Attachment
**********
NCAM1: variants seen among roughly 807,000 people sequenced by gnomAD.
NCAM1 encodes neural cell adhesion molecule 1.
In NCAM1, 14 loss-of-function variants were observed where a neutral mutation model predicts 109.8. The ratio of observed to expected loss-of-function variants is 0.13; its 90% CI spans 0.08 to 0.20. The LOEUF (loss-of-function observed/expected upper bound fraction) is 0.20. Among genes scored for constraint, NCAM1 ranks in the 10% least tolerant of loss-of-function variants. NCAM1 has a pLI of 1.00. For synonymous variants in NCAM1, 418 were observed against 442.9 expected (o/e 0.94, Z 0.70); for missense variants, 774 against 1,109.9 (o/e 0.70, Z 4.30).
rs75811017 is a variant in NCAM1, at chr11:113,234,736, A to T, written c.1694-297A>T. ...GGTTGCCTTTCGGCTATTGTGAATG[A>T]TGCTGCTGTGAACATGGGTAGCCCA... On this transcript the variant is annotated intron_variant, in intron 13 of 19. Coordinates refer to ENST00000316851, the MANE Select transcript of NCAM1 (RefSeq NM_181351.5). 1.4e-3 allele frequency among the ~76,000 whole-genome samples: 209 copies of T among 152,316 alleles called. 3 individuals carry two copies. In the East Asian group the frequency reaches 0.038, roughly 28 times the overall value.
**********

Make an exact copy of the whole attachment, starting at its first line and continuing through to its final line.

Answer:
NCAM1: variants seen among roughly 807,000 people sequenced by gnomAD.
NCAM1 encodes neural cell adhesion molecule 1.
In NCAM1, 14 loss-of-function variants were observed where a neutral mutation model predicts 109.8. The ratio of observed to expected loss-of-function variants is 0.13; its 90% CI spans 0.08 to 0.20. The LOEUF (loss-of-function observed/expected upper bound fraction) is 0.20. Among genes scored for constraint, NCAM1 ranks in the 10% least tolerant of loss-of-function variants. NCAM1 has a pLI of 1.00. For synonymous variants in NCAM1, 418 were observed against 442.9 expected (o/e 0.94, Z 0.70); for missense variants, 774 against 1,109.9 (o/e 0.70, Z 4.30).
rs75811017 is a variant in NCAM1, at chr11:113,234,736, A to T, written c.1694-297A>T. ...GGTTGCCTTTCGGCTATTGTGAATG[A>T]TGCTGCTGTGAACATGGGTAGCCCA... On this transcript the variant is annotated intron_variant, in intron 13 of 19. Coordinates refer to ENST00000316851, the MANE Select transcript of NCAM1 (RefSeq NM_181351.5). 1.4e-3 allele frequency among the ~76,000 whole-genome samples: 209 copies of T among 152,316 alleles called. 3 individuals carry two copies. In the East Asian group the frequency reaches 0.038, roughly 28 times the overall value.